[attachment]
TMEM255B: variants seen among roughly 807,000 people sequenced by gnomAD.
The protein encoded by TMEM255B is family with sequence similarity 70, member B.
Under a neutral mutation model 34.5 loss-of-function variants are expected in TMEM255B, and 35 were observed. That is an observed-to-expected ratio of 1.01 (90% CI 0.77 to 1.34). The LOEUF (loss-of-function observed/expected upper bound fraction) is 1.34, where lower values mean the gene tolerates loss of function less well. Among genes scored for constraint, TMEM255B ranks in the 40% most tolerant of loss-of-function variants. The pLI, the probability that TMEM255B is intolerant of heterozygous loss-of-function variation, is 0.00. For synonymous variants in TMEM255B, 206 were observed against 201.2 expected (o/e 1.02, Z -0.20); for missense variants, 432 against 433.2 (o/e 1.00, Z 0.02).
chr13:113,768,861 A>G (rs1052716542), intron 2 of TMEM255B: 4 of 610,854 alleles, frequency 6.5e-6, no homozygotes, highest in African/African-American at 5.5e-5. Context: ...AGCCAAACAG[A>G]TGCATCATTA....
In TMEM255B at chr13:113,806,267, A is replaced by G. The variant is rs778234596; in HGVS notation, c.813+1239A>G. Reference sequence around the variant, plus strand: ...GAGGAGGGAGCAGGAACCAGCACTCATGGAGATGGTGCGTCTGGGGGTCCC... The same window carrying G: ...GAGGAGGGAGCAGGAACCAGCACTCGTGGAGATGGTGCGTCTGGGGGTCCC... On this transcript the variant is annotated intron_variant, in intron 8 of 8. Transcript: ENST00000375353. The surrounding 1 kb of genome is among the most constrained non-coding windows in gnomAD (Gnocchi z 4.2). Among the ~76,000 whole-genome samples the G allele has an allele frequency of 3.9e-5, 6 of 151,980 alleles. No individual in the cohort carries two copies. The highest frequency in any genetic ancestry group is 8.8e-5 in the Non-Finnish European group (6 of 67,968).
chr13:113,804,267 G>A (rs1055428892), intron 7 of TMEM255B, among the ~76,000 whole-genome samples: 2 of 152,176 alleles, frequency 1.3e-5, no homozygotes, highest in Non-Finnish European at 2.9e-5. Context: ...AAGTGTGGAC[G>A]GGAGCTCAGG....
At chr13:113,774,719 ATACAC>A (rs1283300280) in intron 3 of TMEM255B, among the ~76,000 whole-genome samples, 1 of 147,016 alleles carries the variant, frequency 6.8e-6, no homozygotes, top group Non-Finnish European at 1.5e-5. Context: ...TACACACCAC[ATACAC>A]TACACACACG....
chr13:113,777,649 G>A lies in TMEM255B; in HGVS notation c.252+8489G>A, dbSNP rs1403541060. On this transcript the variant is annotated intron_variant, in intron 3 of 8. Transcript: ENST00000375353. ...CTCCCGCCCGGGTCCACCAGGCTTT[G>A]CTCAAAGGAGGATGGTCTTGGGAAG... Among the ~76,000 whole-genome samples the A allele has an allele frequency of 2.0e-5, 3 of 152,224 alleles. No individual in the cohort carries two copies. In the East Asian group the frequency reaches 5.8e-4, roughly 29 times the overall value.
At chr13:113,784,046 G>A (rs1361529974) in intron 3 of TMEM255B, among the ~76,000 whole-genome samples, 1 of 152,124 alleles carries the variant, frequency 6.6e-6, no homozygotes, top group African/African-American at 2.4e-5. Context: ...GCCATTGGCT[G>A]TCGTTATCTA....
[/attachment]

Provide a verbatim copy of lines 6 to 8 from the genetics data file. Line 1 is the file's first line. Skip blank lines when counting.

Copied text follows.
chr13:113,804,267 G>A (rs1055428892), intron 7 of TMEM255B, among the ~76,000 whole-genome samples: 2 of 152,176 alleles, frequency 1.3e-5, no homozygotes, highest in Non-Finnish European at 2.9e-5. Context: ...AAGTGTGGAC[G>A]GGAGCTCAGG....
At chr13:113,774,719 ATACAC>A (rs1283300280) in intron 3 of TMEM255B, among the ~76,000 whole-genome samples, 1 of 147,016 alleles carries the variant, frequency 6.8e-6, no homozygotes, top group Non-Finnish European at 1.5e-5. Context: ...TACACACCAC[ATACAC>A]TACACACACG....
chr13:113,777,649 G>A lies in TMEM255B; in HGVS notation c.252+8489G>A, dbSNP rs1403541060. On this transcript the variant is annotated intron_variant, in intron 3 of 8. Transcript: ENST00000375353. ...CTCCCGCCCGGGTCCACCAGGCTTT[G>A]CTCAAAGGAGGATGGTCTTGGGAAG... Among the ~76,000 whole-genome samples the A allele has an allele frequency of 2.0e-5, 3 of 152,224 alleles. No individual in the cohort carries two copies. In the East Asian group the frequency reaches 5.8e-4, roughly 29 times the overall value.